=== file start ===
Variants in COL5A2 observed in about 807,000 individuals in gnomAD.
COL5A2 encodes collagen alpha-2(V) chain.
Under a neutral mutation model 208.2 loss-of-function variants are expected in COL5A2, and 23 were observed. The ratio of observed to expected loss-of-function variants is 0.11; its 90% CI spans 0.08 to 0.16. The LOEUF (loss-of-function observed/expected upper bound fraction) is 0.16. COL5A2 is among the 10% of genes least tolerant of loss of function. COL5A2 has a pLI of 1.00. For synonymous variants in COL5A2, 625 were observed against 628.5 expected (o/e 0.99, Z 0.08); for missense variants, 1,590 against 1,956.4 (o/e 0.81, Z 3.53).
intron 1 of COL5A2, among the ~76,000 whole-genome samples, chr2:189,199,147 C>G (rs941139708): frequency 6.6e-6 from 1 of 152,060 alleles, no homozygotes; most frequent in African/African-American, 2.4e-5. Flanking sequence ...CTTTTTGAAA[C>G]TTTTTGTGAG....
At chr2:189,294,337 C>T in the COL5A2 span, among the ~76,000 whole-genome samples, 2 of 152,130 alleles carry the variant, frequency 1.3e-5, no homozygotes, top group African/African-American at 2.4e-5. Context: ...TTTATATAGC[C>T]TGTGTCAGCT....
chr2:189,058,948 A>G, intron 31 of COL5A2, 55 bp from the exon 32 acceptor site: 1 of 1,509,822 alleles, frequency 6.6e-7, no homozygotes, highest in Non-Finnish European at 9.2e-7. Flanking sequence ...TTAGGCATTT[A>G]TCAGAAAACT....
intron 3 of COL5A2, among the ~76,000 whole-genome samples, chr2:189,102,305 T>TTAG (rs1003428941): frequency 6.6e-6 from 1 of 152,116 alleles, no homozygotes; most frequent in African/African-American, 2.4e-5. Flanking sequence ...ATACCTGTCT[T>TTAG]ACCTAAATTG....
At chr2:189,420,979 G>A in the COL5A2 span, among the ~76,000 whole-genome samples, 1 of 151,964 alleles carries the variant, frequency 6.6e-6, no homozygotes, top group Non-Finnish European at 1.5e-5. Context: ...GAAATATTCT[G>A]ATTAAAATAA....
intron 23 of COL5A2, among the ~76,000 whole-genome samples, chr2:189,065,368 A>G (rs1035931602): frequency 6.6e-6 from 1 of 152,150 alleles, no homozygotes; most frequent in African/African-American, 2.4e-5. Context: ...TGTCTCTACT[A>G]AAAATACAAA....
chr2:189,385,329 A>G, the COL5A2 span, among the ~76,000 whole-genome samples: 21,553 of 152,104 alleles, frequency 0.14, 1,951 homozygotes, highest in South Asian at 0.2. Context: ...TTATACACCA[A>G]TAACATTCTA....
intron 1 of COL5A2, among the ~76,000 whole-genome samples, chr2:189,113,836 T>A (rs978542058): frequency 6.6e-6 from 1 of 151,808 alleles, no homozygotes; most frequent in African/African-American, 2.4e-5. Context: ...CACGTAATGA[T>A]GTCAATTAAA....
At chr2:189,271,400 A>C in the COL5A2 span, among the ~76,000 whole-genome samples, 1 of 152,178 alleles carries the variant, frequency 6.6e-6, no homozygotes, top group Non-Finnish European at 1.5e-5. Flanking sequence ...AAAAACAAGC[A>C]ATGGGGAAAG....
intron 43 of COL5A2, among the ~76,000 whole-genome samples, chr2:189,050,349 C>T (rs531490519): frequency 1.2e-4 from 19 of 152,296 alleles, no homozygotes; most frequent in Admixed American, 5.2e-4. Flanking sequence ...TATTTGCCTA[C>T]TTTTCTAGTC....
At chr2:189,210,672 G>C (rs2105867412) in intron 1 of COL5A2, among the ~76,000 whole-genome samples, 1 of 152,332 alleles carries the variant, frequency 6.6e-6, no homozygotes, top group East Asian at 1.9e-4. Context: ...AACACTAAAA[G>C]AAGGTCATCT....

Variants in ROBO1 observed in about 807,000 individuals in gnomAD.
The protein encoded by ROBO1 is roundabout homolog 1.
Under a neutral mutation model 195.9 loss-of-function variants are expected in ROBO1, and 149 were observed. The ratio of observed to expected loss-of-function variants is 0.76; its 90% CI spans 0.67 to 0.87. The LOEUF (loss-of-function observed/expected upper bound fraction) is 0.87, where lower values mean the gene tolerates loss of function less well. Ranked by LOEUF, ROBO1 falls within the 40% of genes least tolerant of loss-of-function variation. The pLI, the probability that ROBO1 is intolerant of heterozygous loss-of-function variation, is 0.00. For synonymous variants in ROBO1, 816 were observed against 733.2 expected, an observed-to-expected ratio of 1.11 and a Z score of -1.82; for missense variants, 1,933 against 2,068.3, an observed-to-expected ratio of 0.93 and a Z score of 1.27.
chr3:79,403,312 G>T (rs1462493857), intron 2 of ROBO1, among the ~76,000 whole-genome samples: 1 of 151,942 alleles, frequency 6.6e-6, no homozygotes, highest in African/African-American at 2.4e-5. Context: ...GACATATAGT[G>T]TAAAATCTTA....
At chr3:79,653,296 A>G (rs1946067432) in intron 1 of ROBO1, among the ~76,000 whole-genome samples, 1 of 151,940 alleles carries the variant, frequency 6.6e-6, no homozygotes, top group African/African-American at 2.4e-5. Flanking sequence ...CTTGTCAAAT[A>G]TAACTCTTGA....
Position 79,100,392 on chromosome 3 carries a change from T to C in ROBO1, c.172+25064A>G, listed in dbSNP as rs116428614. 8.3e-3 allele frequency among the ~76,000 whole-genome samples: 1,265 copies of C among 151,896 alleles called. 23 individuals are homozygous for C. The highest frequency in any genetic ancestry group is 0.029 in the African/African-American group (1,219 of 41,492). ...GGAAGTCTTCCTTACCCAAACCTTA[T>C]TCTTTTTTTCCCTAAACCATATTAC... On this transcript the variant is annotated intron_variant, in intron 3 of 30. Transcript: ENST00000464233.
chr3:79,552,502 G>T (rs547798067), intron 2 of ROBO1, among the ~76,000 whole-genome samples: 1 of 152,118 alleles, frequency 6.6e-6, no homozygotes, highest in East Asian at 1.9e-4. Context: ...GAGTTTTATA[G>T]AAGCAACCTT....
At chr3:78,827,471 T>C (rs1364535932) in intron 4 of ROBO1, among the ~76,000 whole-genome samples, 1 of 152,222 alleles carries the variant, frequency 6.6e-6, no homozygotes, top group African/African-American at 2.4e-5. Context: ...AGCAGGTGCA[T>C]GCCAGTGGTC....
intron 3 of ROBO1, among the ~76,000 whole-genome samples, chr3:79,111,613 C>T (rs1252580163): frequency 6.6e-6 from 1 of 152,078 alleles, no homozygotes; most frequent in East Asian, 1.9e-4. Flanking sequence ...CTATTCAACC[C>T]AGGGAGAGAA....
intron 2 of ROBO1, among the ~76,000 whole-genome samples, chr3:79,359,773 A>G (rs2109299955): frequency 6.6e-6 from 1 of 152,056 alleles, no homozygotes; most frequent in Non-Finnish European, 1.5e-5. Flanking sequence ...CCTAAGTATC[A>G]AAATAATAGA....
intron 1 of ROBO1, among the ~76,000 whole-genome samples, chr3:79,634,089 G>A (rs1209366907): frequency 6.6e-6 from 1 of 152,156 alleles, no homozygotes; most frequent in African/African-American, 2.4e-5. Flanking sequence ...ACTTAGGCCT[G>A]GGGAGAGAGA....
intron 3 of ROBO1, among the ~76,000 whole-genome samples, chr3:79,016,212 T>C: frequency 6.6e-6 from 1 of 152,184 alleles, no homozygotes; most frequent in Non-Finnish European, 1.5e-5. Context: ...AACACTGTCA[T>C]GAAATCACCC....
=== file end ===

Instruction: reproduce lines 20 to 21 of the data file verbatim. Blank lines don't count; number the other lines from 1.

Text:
Position 79,100,392 on chromosome 3 carries a change from T to C in ROBO1, c.172+25064A>G, listed in dbSNP as rs116428614. 8.3e-3 allele frequency among the ~76,000 whole-genome samples: 1,265 copies of C among 151,896 alleles called. 23 individuals are homozygous for C. The highest frequency in any genetic ancestry group is 0.029 in the African/African-American group (1,219 of 41,492). ...GGAAGTCTTCCTTACCCAAACCTTA[T>C]TCTTTTTTTCCCTAAACCATATTAC... On this transcript the variant is annotated intron_variant, in intron 3 of 30. Transcript: ENST00000464233.
chr3:79,552,502 G>T (rs547798067), intron 2 of ROBO1, among the ~76,000 whole-genome samples: 1 of 152,118 alleles, frequency 6.6e-6, no homozygotes, highest in East Asian at 1.9e-4. Context: ...GAGTTTTATA[G>T]AAGCAACCTT....